The message Cyrus and Robby share is for almost everyone, regardless of whether they have been diagnosed with diabetes or not. Quite simply, the lifestyle that makes diabetes manageable and of minimal consequence is the same diet that improves almost every health condition. If you happen to have a diagnosis of diabetes and need extra encouragement in adopting a healthier lifestyle, you may find the services offered through Mastering Diabetes worth considering.
Do You Know Where Viruses Come From?
All human viral infections are believed to originate in animals. To understand COVID-19 and other deadly viral outbreaks, it’s important to understand their history and evolution if we expect to prevent future pandemics. We have to take lessons from the past. For example, how did we successfully beat back SARS? Why is it more difficult with COVID-19? What do we have to do to slow the pandemic today before there is a vaccine? These are topics Dr. Michael Greger recently covered in a four-hour webinar and summarized in a quick read titled “Takeaways from My Webinar on COVID-19.”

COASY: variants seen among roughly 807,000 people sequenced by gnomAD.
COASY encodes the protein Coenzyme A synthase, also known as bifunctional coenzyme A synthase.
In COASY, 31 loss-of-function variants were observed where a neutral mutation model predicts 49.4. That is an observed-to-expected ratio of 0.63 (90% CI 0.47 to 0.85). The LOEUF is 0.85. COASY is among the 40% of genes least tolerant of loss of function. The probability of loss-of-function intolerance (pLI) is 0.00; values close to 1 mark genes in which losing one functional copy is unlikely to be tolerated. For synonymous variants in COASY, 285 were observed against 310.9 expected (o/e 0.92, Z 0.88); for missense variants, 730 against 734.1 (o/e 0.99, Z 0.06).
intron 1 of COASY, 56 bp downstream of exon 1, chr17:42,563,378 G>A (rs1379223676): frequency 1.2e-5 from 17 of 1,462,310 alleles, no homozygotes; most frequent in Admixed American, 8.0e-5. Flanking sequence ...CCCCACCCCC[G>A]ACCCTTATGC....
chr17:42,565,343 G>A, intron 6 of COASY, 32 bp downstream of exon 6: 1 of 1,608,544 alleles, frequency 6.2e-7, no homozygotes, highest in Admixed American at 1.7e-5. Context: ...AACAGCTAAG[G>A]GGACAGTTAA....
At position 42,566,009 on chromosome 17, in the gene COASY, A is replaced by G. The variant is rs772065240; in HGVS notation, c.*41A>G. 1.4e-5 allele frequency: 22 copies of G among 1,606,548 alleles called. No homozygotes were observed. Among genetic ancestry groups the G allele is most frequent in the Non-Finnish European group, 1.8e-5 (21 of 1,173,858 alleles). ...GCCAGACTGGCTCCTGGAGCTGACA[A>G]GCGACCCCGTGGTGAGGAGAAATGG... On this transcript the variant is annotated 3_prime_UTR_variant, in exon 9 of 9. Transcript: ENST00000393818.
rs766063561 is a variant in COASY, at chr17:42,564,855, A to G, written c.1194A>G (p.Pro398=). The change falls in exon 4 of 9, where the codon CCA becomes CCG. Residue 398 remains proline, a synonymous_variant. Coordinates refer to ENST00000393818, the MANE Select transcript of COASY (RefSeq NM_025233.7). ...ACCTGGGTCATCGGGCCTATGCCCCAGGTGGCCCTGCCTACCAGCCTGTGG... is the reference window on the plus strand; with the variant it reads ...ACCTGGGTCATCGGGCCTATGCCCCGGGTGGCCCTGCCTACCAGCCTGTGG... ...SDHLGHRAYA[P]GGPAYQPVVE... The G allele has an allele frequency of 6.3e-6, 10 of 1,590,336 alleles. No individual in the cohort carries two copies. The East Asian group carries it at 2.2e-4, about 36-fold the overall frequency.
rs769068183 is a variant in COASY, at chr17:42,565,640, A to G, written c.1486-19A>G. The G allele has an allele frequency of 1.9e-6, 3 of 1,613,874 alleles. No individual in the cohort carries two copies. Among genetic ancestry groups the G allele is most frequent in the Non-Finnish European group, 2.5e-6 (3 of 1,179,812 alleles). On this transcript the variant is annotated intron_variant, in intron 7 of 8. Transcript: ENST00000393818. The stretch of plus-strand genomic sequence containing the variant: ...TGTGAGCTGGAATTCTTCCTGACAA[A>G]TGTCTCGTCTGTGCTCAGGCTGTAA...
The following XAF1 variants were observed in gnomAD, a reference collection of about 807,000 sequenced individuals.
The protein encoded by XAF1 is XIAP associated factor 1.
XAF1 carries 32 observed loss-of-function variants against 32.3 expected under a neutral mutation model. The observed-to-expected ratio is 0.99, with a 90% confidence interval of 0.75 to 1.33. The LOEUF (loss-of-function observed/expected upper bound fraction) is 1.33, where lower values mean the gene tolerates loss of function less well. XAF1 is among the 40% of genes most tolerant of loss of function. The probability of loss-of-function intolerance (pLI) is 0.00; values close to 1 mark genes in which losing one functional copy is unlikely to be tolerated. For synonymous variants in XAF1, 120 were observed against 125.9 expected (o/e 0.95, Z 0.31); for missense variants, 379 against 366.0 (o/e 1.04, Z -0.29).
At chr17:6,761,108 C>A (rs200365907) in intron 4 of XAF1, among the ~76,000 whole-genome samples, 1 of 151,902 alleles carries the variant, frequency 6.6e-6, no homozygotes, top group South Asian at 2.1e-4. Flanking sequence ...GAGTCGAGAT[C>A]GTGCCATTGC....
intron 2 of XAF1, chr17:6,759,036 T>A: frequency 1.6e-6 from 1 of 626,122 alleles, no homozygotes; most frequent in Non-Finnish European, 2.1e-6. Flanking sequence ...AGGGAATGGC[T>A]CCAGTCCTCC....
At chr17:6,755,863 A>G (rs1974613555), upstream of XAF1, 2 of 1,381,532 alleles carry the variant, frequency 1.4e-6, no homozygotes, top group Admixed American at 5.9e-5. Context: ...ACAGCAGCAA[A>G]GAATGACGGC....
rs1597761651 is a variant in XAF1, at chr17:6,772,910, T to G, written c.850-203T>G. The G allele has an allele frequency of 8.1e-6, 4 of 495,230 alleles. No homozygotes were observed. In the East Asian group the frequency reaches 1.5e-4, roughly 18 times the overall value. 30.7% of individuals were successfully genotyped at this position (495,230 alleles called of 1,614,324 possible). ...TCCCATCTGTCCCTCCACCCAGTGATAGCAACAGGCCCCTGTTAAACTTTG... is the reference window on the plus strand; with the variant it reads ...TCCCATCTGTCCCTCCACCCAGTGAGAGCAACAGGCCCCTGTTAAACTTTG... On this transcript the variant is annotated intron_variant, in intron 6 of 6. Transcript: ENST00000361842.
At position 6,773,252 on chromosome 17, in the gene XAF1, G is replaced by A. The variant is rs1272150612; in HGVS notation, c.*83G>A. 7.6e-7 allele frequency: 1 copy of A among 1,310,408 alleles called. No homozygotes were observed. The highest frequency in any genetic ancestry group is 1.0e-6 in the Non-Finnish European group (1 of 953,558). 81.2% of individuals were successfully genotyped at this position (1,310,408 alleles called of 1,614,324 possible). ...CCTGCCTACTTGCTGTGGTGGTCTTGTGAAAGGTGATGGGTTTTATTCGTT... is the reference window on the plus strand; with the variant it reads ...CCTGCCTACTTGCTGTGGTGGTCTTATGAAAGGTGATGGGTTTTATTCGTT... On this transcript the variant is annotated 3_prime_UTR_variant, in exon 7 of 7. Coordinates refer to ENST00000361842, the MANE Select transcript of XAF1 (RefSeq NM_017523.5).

Have You Missed the Library?
Quarantine doesn’t mean all is lost. The library continues to provide quite a few remotely accessible resources. When certain restrictions have been lifted, the library will be offering curbside service.
Missing school field trips? While you may not be able to travel right now, there are great virtual tours on the Internet. Here is what the library staff picked for you.
- The Monterey Bay Aquarium: 10 live cams
- Farm Food 360: 11 tours available
- Access Mars: with the Curiosity Rover
- Eco-Action: Celebrate Earth Day
- MetKids: Even have a time machine!
For kids, DOGOnews has fun articles on current events, science, sports, and more! There are lots of stories, pictures, videos, quizzes, and vocabulary games. To access DOGO,click here.
While the library is temporarily closed for physical access, you can still access a remarkable number of resources through its website.
Perhaps there are a few places you can’t wait to get back to. Matt Wake breaks down the 20 places many can’t wait to get back to (hint: the library is one!)
A Reality Check